It is generally accepted that the role of graduation speakers each year is to provide hope and optimism while discussing the future of those graduating. Graduates are told the conclusion of their academic career is the beginning of a new chapter in life. The speaker typically offers advice on success, an anecdotal story or two and an upbeat view of what is possible. Published May 19, 2020

A sign in the widow of The Framing Gallery shows they are closed due to the new coronavirus COVID-19 pandemic, in Grosse Pointe, Michigan, Thursday, May 7, 2020. The U.S. government is poised to report the worst set of job numbers since record-keeping began in 1948, a stunning snapshot of the toll the coronavirus has taken on a now-shattered economy. (AP Photo/Paul Sancya)

Coronavirus: What if we never closed for business?

When the coronavirus began to spread all over the United States, the reaction was different from state to state. The decisions being made by governors and state legislatures were not always consistent with the message coming out of the CDC and the coronavirus task force in Washington. Different rules and restrictions applied depending on where you lived. Published May 8, 2020

House Speaker Nancy Pelosi of Calif. listens to questions during a news conference on Capitol Hill Thursday, April 30, 2020, in Washington. (AP Photo/Manuel Balce Ceneta)

Are members of the House essential workers? Maybe not.

The House of Representatives adjourned from their regular duties on March 14. Since that time, like much of America, individual House members have been home. Most have not spent any regular time in their office or with their staff, and certainly haven't been voting on the nation's business. Published April 30, 2020

A United Airlines jetliner taxis down a runway for take off from Denver International Airport as airlines struggle with reduced passenger loads with the spread of coronavirus Wednesday, March 18, 2020, in Denver. According to the World Health Organization, most people recover in about two to six weeks depending on the severity of the illness. (AP Photo/David Zalubowski)

The airlines, the coronavirus and the Bible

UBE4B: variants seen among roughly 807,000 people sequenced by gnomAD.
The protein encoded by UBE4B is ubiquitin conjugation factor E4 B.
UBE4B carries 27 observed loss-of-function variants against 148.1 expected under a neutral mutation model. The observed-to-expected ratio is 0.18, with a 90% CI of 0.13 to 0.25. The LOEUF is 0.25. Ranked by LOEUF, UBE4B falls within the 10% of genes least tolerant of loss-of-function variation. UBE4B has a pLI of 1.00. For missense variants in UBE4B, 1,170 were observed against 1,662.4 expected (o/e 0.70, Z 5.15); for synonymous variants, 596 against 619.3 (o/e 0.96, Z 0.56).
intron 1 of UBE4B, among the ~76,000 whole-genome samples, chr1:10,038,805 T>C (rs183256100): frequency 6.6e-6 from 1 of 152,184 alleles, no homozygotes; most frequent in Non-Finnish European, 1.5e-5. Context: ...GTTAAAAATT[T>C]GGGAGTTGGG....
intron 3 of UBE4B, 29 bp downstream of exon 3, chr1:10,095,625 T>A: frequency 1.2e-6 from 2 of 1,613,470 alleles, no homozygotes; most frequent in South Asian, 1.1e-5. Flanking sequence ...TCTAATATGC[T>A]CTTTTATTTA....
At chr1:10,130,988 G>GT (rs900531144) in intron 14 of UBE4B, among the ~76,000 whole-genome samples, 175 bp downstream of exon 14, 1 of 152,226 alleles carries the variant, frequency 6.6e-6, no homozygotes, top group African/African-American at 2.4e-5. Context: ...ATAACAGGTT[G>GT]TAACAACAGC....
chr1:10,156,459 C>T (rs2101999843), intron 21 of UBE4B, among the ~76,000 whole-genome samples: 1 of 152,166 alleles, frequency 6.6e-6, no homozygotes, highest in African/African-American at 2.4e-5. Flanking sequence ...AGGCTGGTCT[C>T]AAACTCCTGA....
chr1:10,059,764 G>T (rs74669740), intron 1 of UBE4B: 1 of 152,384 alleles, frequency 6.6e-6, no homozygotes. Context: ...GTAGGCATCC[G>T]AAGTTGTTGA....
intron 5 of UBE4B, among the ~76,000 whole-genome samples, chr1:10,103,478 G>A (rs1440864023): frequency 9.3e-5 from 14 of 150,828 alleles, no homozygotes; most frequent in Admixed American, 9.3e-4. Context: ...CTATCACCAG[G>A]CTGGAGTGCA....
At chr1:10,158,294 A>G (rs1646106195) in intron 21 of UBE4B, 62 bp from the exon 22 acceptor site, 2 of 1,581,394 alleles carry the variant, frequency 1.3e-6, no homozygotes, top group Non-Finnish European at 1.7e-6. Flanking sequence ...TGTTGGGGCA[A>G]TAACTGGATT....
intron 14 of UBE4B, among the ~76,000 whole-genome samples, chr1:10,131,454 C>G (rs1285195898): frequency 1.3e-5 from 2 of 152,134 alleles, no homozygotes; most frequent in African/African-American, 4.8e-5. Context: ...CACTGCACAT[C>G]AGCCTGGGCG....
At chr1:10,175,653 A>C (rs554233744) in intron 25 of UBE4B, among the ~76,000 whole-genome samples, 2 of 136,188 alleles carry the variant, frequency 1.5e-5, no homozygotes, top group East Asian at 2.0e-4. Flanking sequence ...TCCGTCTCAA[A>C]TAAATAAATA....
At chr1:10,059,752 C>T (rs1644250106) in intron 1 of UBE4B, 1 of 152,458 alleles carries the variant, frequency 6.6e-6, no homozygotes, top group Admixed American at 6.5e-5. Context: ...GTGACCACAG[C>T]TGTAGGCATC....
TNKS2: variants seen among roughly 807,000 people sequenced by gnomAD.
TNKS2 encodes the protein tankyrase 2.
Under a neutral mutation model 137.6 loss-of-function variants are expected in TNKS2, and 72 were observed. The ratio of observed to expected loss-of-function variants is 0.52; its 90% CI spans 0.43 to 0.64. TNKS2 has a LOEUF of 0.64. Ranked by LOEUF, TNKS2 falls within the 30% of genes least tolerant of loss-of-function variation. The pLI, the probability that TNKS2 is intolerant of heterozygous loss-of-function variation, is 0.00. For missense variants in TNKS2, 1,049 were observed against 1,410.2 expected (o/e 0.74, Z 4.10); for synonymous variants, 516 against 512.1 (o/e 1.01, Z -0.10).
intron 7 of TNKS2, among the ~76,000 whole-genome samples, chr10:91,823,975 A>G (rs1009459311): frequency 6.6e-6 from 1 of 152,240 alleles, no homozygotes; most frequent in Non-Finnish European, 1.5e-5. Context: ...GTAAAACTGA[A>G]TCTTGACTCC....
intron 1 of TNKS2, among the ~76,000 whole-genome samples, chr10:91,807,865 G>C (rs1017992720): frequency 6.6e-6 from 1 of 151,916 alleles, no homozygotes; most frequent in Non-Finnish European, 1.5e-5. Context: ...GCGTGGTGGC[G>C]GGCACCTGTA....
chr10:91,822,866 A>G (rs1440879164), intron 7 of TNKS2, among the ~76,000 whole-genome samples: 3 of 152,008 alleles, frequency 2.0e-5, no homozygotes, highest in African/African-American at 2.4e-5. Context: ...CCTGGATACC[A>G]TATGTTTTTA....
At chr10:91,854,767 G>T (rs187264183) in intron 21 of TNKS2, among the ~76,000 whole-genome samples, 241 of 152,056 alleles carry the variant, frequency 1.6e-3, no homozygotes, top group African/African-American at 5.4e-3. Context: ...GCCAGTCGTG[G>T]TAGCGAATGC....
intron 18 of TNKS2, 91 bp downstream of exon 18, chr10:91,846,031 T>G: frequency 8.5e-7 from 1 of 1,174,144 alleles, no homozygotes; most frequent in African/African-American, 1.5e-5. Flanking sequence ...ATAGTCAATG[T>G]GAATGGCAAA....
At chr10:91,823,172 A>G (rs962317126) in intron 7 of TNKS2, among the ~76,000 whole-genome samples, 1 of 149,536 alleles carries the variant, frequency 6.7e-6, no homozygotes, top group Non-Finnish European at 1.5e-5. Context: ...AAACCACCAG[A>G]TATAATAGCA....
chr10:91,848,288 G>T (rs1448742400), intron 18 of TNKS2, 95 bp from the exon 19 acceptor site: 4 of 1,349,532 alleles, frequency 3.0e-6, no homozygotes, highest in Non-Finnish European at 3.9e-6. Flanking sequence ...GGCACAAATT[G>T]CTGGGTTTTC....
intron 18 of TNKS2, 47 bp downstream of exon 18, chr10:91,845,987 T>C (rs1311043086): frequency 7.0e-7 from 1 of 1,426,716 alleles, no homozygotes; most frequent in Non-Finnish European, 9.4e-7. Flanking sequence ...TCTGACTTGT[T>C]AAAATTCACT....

The airline industry is currently pleading Congress for mercy -- in the form of taxpayer money -- in light of a disastrous turndown in business from the coronavirus pandemic. But much like the unforgiving servant in a parable of St. Matthew's Gospel, it has failed to show compassion to its own customers who were thrown into hardships from the same pandemic. Published March 27, 2020

Senate Minority Leader Sen. Chuck Schumer of N.Y., talks with reporters on Capitol Hill in Washington, Tuesday, March 10, 2020, following a Democratic luncheon. (AP Photo/Susan Walsh/File)

Coronavirus and the death of statesmanship

The coronavirus has exposed millions of people to potential illness. It has also exposed something equally alarming and extremely concerning for the long-term health of the world as we know it. The coronavirus has exposed the death of statesmanship. Published March 13, 2020

A school bus sits vacant while parked at Saint Raphael Academy in Pawtucket, R.I., Friday, March 6, 2020, as the school remains closed following a confirmed case of the coronavirus. As a growing number of schools across the United States close their doors because of the coronavirus, officials are weighing whether to shut down entirely or move classes online, which could leave behind the many students who don't have computers, home internet access or parents with flexible work schedules. (AP Photo/David Goldman)

Coronavirus: Stop the hysteria

Just over a year ago, long before the term coronavirus had entered our collective vocabularies, the Centers for Disease Control and Prevention (CDC) reported that in just a few short weeks of the 2018-19 winter season, the flu had sickened between 6 million and 7 million Americans. Published March 9, 2020